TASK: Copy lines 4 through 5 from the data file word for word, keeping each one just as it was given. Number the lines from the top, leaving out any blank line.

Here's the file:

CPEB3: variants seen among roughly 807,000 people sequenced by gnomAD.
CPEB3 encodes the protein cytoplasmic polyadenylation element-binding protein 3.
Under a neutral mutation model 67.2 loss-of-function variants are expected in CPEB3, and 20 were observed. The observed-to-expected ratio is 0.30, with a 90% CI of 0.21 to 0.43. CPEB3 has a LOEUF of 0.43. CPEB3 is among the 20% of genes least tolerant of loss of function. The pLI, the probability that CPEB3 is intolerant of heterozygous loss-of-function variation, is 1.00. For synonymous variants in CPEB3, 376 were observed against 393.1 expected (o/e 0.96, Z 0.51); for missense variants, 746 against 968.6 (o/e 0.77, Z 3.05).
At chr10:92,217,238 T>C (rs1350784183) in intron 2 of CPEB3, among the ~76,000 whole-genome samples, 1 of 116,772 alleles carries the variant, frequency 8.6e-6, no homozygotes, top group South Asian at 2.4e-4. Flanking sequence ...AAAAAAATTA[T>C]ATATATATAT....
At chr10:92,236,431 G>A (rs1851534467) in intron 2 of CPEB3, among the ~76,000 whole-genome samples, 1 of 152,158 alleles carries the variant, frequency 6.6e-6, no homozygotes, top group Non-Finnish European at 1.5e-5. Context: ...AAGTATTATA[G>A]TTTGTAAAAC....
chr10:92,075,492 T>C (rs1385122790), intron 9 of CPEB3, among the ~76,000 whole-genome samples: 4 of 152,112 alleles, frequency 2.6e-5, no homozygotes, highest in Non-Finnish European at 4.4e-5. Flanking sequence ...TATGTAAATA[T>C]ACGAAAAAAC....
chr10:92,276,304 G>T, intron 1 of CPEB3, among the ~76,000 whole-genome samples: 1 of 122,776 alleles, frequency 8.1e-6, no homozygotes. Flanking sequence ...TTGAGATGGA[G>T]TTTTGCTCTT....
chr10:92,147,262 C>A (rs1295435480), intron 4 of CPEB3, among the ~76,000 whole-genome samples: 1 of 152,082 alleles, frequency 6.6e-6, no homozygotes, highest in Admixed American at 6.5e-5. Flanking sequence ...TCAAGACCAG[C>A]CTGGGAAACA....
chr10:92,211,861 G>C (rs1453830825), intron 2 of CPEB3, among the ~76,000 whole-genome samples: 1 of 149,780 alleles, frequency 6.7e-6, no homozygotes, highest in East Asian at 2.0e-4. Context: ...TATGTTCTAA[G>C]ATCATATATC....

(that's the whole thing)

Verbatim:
At chr10:92,217,238 T>C (rs1350784183) in intron 2 of CPEB3, among the ~76,000 whole-genome samples, 1 of 116,772 alleles carries the variant, frequency 8.6e-6, no homozygotes, top group South Asian at 2.4e-4. Flanking sequence ...AAAAAAATTA[T>C]ATATATATAT....
At chr10:92,236,431 G>A (rs1851534467) in intron 2 of CPEB3, among the ~76,000 whole-genome samples, 1 of 152,158 alleles carries the variant, frequency 6.6e-6, no homozygotes, top group Non-Finnish European at 1.5e-5. Context: ...AAGTATTATA[G>A]TTTGTAAAAC....